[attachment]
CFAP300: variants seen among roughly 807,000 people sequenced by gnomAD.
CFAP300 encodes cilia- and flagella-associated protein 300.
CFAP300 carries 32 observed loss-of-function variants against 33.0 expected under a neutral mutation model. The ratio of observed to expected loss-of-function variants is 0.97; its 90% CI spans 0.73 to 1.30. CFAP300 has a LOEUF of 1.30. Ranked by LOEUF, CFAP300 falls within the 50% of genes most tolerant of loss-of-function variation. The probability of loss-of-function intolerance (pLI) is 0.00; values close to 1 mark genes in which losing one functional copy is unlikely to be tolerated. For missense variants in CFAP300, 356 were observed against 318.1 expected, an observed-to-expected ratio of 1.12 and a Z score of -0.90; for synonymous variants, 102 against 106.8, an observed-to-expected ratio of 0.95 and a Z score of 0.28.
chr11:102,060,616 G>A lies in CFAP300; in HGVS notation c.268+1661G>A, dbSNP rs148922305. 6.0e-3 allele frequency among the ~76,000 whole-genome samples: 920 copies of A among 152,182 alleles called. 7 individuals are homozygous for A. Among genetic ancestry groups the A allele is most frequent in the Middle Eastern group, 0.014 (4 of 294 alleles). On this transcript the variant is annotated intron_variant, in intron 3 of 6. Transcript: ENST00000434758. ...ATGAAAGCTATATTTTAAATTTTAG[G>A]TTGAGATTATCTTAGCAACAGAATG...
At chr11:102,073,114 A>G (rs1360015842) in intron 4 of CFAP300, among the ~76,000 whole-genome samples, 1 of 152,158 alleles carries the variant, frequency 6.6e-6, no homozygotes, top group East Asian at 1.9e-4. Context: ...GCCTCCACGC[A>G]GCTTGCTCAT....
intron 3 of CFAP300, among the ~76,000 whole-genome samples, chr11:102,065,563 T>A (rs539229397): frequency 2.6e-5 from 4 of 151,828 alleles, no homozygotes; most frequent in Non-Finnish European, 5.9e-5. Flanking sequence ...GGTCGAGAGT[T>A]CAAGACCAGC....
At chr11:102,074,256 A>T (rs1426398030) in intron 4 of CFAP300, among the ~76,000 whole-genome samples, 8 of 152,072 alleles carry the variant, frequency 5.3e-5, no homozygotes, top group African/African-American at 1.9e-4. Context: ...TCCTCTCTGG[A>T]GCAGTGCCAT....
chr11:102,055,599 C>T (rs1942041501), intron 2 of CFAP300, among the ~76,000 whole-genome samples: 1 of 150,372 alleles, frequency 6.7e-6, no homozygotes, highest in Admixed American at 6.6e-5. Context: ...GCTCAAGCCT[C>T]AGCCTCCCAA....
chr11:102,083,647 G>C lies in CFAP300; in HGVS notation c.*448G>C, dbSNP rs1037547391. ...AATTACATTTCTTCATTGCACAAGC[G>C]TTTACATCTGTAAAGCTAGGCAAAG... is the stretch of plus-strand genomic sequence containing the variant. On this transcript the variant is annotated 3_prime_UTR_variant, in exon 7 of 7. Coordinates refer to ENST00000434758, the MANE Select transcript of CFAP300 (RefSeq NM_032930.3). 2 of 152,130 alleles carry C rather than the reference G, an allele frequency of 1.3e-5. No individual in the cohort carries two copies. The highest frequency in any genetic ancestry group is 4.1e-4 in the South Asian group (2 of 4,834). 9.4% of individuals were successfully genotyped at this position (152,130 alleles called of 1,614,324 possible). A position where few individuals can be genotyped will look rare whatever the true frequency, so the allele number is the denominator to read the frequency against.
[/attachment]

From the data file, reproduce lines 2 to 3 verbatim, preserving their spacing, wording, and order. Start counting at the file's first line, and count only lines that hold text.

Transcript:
CFAP300 encodes cilia- and flagella-associated protein 300.
CFAP300 carries 32 observed loss-of-function variants against 33.0 expected under a neutral mutation model. The ratio of observed to expected loss-of-function variants is 0.97; its 90% CI spans 0.73 to 1.30. CFAP300 has a LOEUF of 1.30. Ranked by LOEUF, CFAP300 falls within the 50% of genes most tolerant of loss-of-function variation. The probability of loss-of-function intolerance (pLI) is 0.00; values close to 1 mark genes in which losing one functional copy is unlikely to be tolerated. For missense variants in CFAP300, 356 were observed against 318.1 expected, an observed-to-expected ratio of 1.12 and a Z score of -0.90; for synonymous variants, 102 against 106.8, an observed-to-expected ratio of 0.95 and a Z score of 0.28.